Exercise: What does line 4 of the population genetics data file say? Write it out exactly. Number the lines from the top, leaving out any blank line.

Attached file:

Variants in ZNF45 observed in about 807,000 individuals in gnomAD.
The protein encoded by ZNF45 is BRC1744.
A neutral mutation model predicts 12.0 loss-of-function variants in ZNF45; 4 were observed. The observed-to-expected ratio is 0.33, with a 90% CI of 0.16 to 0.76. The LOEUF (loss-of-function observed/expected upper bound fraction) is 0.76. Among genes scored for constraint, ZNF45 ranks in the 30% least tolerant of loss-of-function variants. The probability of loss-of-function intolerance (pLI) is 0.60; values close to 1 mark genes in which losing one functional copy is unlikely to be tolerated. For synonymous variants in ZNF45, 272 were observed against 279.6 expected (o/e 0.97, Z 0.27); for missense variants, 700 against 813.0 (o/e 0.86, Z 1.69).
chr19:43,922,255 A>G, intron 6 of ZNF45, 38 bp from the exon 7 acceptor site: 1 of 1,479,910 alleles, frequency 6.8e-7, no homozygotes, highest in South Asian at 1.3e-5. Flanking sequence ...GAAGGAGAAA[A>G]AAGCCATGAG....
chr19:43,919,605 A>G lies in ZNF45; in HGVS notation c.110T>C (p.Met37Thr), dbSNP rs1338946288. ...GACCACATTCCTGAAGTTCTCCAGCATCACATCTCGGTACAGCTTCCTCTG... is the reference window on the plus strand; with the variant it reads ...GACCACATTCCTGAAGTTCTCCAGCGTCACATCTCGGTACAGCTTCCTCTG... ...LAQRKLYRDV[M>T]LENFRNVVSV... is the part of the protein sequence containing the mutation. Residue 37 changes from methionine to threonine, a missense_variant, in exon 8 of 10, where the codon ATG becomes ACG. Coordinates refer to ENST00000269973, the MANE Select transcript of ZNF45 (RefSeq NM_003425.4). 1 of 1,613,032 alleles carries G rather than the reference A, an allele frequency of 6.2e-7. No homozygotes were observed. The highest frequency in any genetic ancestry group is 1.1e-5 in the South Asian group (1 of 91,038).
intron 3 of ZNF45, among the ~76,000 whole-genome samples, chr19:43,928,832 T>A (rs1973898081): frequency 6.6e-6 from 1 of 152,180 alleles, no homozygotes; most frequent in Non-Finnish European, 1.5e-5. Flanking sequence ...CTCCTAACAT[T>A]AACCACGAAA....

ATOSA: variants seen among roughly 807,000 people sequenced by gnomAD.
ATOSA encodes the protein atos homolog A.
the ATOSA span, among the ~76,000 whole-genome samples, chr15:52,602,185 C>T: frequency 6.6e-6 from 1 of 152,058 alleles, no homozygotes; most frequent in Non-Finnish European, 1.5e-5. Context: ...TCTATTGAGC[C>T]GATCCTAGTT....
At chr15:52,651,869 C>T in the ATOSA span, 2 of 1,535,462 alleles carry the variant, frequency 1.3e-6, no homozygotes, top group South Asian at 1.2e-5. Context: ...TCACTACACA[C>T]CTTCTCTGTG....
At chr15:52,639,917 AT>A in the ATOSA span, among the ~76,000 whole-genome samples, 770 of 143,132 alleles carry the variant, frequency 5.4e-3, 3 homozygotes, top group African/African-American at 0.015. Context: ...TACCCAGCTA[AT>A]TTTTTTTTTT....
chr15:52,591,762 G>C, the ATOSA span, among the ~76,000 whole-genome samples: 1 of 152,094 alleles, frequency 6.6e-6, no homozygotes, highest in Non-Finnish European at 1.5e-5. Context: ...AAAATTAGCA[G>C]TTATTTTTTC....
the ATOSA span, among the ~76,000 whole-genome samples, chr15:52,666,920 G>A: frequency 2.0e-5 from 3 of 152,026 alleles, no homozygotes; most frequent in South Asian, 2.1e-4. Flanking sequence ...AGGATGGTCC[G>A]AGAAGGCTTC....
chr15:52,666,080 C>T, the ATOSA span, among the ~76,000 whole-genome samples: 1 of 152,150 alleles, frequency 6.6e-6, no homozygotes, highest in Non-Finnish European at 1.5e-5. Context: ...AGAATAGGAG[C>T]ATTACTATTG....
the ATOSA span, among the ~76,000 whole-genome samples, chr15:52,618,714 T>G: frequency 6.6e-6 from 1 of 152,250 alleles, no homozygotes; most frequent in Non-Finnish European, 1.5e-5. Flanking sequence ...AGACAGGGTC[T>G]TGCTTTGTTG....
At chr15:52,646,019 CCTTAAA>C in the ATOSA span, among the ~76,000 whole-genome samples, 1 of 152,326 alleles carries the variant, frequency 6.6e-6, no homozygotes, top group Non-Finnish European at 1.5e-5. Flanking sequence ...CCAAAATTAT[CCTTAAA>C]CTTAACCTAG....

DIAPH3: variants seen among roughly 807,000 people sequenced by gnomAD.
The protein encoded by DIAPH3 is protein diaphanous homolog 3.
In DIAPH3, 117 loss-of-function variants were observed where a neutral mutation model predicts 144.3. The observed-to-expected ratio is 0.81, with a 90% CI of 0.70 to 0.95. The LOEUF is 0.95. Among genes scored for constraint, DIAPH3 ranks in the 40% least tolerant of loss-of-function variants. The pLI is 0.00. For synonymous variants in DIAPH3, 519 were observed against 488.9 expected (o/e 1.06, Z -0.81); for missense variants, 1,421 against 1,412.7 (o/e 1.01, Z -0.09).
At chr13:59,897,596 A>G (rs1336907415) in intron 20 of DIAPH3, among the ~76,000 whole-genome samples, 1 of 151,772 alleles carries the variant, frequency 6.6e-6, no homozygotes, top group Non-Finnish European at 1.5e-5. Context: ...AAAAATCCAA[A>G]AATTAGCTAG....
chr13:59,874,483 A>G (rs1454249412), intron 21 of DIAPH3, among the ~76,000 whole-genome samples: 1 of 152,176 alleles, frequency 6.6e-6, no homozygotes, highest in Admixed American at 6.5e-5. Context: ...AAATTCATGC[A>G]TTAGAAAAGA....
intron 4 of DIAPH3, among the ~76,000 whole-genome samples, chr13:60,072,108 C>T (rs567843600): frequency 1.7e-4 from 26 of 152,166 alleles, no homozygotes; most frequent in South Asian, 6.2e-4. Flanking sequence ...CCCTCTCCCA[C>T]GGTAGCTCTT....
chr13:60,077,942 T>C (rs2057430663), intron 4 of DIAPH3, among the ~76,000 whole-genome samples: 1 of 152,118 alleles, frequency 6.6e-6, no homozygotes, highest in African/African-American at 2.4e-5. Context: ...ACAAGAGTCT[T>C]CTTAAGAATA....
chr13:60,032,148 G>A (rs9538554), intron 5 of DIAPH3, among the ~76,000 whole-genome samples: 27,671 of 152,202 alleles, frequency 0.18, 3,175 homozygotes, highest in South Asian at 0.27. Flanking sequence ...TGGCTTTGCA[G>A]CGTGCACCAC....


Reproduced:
chr19:43,922,255 A>G, intron 6 of ZNF45, 38 bp from the exon 7 acceptor site: 1 of 1,479,910 alleles, frequency 6.8e-7, no homozygotes, highest in South Asian at 1.3e-5. Flanking sequence ...GAAGGAGAAA[A>G]AAGCCATGAG....